The cornea is a complex structure with complex functions aiming to protect the internal ocular tissues and transmit and refract the coming light rays. Corneal dystrophies are a group of relatively infrequent genetic corneal disorders in which an abnormal material accumulates in the cornea causing variable loss of its clarity. On the other hand, corneal degenerations are more common and usually result from physiologic changes related to aging, particular disease, or long-standing environmental insults to the cornea. Ectatic corneal disorders are usually characterized by bilateral loss of corneal biomechanical strength leading to progressive thinning and bulging of the cornea with resultant astigmatism and decreased visual acuity. In this chapter, we will describe the basic embryological, anatomical, histologic, and physiological features of the cornea. Then, we will go over the clinical, histopathologic, medical, and surgical aspects of dystrophic, degenerative, and ectatic corneal disorders.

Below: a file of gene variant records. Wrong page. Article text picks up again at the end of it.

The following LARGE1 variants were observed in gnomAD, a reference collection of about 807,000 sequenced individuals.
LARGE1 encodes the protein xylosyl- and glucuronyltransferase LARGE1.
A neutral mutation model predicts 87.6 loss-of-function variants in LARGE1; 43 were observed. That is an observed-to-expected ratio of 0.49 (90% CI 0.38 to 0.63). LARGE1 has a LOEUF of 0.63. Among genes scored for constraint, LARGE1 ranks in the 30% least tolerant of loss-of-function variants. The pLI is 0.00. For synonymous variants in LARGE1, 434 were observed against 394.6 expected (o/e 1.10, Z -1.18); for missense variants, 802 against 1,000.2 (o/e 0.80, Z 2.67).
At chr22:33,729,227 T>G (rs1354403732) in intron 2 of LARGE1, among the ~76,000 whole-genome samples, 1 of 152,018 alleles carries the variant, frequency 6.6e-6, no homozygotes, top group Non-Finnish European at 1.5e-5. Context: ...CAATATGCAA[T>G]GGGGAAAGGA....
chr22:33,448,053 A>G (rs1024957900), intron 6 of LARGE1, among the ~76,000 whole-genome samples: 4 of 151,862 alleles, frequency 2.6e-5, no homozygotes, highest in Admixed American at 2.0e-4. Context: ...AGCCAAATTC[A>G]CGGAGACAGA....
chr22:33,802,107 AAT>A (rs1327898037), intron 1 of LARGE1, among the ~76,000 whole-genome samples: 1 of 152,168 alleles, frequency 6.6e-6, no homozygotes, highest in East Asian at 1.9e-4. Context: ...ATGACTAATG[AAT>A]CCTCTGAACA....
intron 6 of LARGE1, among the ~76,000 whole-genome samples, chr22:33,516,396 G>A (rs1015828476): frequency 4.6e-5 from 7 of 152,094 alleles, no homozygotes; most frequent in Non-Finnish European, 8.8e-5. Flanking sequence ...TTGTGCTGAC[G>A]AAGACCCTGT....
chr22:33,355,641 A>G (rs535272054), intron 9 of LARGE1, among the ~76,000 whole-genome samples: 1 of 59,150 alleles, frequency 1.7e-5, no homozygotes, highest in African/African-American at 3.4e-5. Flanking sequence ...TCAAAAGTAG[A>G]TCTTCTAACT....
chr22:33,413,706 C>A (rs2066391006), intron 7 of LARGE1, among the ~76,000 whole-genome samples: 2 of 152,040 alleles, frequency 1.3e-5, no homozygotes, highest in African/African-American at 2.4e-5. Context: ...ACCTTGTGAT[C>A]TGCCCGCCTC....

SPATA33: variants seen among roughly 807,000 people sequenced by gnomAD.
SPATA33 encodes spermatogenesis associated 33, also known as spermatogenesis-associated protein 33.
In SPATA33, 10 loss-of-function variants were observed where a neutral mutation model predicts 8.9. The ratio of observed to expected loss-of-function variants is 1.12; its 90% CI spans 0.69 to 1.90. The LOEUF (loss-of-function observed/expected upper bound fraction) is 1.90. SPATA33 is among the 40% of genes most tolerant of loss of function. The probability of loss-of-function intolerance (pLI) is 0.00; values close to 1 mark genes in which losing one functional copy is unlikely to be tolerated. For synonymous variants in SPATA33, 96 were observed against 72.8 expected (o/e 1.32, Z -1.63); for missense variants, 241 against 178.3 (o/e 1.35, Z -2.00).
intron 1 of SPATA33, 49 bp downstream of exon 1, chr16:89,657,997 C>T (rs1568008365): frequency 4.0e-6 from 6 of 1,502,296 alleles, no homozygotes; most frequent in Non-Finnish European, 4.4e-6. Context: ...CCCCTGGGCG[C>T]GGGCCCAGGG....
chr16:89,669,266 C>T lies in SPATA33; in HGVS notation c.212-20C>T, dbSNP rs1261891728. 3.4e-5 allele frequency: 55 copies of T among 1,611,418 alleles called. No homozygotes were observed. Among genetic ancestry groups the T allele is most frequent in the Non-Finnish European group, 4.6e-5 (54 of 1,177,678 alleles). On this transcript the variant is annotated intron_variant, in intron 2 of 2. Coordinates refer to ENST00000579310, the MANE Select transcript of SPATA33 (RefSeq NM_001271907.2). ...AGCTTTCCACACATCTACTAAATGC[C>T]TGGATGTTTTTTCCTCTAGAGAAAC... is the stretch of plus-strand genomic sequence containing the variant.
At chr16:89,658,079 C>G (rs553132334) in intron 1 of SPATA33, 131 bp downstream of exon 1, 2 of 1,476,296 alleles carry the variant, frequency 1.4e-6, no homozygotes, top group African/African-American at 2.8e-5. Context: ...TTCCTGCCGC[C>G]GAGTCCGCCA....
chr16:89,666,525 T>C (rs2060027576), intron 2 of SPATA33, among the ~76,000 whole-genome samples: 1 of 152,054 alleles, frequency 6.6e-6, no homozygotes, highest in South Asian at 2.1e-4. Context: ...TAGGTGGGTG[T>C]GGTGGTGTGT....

Part of the book: Frontiers in Ophthalmology and Ocular Imaging